(Yeah, and picture is again taken from Jordan Bent. I just really really like him. Entitled One Uplifts the Other in Learning. Acrylic on canvas. Sweet.)

Thursday, March 02, 2006

The Opposite of Hallelujah

Listening to: “The Opposite of Hallelujah.” Jens Lekman

I used to have a piece of calligraphy on my fridge, given to me by my friend Laura. It said "Enough is a Feast." It always made me stop and think before I opened the fridge. Well, usually anyway.

This quote came back to me yesterday, on the first day of Lent. This year was different than last, in many ways. For one, I spent Shrove Tuesday (the night before the season of Lent begins) as Mardi Gras this year. That’s French for “Fat Tuesday.” There were no St. Margaret’s pancakes for me this year. Instead, only some wobbly jello-shooters and cheesy decorations.

There’s something about nights of “forced partying” that really bug me. Of course, I often partake of New Years’ Eve festivities, birthdays, and other celebrations—they are part of our shared humanity. So I guess I’m torn on the issue. I’ve never really celebrated Mardi Gras until last year, where I flipped pancakes for about 2 hours, and then went out dancing at the Die Maschine (in Winnipeg) afterwards, reeking of grease. It was a strange experiencing both versions of the pre-Lenten festivities. The Church's and the culture's. In a basement in Wolseley there were a bunch of people chowing down on fat and carbs. Laughing and talking and joking. Later at the bar there were line-ups of people downing rums and whiskeys and ales, laughing and talking and dancing. They were both wonderful celebrations of being alive, but because we don't have to deal with scarcity, perhaps we can't possibly appreciate true abundance.

I didn’t start observing Lent until a few years ago. This was a gift later given to me by the Anglican tradition, my doorway into the widely-observed Church Year. Up until then, Easter would come upon us like a great storm, startling us like a loud clap of thunder, unintroduced. All of a sudden there would be food and lacy dresses and hats. Chocolate and hunts and bunnies and bustling grandmothers. It was all so wonderful and fresh, different than Christmas in its sunny promises, smelling of rich earth and lilies.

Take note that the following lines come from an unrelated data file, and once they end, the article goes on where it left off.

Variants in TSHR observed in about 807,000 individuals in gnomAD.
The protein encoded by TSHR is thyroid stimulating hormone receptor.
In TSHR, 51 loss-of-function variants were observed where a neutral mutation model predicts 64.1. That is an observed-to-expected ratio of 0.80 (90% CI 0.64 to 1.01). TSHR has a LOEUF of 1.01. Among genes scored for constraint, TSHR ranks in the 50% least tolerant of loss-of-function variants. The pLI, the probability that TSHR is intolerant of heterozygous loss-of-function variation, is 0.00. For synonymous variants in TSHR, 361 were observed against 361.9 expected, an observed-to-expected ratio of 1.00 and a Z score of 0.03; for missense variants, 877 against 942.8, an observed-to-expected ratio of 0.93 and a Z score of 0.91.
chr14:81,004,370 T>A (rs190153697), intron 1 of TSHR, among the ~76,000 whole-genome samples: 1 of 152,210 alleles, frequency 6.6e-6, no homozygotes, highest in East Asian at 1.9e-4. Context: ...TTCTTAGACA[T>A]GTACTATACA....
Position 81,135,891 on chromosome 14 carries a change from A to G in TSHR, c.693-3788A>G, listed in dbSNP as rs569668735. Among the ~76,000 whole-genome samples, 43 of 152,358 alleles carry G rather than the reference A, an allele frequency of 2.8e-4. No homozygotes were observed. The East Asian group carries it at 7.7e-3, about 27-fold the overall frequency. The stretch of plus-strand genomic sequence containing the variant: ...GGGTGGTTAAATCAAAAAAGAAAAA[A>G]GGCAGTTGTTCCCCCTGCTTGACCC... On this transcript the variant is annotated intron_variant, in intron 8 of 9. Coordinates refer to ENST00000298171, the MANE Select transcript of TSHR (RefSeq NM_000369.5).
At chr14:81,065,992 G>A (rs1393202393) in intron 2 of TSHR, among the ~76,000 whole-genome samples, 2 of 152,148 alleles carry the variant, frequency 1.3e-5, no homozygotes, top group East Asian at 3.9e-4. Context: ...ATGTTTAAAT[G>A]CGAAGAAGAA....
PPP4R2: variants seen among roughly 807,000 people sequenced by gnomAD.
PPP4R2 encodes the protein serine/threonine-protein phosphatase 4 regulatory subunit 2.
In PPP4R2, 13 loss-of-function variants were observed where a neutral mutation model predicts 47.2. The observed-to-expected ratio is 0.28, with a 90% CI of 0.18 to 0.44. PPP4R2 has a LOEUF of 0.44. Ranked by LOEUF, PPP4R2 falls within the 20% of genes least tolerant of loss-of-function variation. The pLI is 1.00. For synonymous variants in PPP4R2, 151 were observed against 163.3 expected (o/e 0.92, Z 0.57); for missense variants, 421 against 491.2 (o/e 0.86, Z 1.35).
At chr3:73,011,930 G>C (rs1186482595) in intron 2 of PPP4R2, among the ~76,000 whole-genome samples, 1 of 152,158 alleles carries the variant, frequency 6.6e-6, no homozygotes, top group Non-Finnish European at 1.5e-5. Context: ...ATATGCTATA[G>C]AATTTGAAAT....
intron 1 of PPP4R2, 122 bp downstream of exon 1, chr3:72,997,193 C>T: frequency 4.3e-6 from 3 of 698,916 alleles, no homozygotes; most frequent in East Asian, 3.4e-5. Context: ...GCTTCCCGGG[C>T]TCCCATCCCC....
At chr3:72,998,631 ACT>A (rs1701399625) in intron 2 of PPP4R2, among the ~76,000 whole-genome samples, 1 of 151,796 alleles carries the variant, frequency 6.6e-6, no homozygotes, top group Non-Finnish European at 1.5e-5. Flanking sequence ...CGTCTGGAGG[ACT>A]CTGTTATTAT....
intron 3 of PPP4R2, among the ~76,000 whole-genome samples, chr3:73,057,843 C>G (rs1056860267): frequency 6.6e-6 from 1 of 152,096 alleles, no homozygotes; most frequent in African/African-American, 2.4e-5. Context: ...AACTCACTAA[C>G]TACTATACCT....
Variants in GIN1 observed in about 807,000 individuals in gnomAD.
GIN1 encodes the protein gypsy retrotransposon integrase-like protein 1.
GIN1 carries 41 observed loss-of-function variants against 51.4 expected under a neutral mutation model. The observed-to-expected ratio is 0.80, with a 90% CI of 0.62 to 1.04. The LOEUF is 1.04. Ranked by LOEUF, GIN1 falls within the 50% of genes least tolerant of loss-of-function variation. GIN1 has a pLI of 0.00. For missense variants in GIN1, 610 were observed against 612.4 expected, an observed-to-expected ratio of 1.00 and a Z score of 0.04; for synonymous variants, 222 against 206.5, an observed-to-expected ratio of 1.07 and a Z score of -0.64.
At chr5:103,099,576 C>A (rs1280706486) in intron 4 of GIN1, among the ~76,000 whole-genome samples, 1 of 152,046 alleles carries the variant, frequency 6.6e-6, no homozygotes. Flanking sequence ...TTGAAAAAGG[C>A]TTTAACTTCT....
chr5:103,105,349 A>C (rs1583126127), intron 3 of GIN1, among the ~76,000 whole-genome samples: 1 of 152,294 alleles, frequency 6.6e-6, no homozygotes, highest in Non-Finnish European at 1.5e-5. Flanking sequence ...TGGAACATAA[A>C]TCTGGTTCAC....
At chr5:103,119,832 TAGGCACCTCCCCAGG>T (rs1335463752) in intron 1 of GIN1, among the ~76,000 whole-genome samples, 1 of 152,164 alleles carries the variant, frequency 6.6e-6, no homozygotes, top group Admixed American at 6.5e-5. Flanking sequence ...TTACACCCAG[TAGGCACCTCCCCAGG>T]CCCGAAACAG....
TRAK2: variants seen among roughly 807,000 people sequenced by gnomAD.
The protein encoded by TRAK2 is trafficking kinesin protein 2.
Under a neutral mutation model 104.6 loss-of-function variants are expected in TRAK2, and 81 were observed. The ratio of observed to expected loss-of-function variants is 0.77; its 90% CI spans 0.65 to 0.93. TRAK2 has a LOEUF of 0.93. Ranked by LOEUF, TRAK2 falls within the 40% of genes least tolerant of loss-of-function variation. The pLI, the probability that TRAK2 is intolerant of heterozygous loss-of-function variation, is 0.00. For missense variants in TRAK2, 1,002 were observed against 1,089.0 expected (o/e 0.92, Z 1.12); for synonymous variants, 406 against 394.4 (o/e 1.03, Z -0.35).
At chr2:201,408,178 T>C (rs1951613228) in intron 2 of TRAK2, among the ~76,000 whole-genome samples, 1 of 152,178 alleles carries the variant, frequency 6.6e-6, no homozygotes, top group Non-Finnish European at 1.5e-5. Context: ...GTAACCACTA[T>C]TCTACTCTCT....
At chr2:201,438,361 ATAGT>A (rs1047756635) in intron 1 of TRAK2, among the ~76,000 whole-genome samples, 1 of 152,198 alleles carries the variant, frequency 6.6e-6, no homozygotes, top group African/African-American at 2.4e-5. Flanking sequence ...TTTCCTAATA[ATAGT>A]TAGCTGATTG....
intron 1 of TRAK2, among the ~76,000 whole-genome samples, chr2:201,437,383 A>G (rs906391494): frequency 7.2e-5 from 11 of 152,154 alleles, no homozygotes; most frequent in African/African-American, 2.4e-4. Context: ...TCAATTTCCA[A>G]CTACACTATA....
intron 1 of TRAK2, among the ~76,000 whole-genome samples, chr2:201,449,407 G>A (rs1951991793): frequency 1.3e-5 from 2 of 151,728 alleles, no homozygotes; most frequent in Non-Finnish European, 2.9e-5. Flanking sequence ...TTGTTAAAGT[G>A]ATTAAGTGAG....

But what is feasting without fasting? What is celebration of life without the mourning of death? How can we know love without loneliness? Fullness without emptiness? The opposite of hallelujah is an interesting though. Thanks to Swedish musician Jens Lekman for that one.

I want to give something up this year. I really do. I have never done it successfully, and I believe it’s important to fully grasping the solemnity of the death of Christ. I mean, if we can’t take forty days out of our year to sit with the emptiness he felt in the dessert, the horrible paradox of his humanity and divinity, what does that say about us? If only to fully understand our own humanity, perhaps Lent can focus us away from the material by highlighting our very reliance on the material. We are both material and spiritual beings. We grasp at the things of this world-- carved in wood, etched in stone, housed in barrels--so that we can begin to seek out our own identities. We also cling to the non-material, relationships, memories, our ideas of self and God. And we do things like write and fling paint at canvas and run marathons and cook dinners, all in order to understand. To dream a little more of what it might mean to be human.

“We are a species that needs and wants to understand who we are. Sheep lice do not seem to share this longing, which is one reason they write so very little.” –Anne Lamott.

I’ve been struggling with what to give up. What would have the most profound effect on me? I’ve heard of everything from chocolate to alcohol fasts, to “negative self-image” fasts. The problem is, I don’t know if anything’s really THAT important to me, enough so that I’d actually notice its absence. I could go 40 days without meat, no problem. Same with chocolate. The only item of consumption I can’t imagine living without is coffee. I guess that makes it the perfect candidate for a fast. I don’t like that string of logic very much at all.

It is amazing how quickly the excuses come flying in: “But coffee helps you write.” “It’s been given to us for our pleasure by God!” “Why deny what you love.” "Oh you're not really addicted to it." And on and on and on.

And so the battle of the flesh and spirit begins…

I’d be interested to hear how everyone out there is approaching the season of Lent. For those of you who never leave comments (which is pretty much everyone, and I know who you are!) it’s really very easy. But I won’t feel like less of a person if you don’t.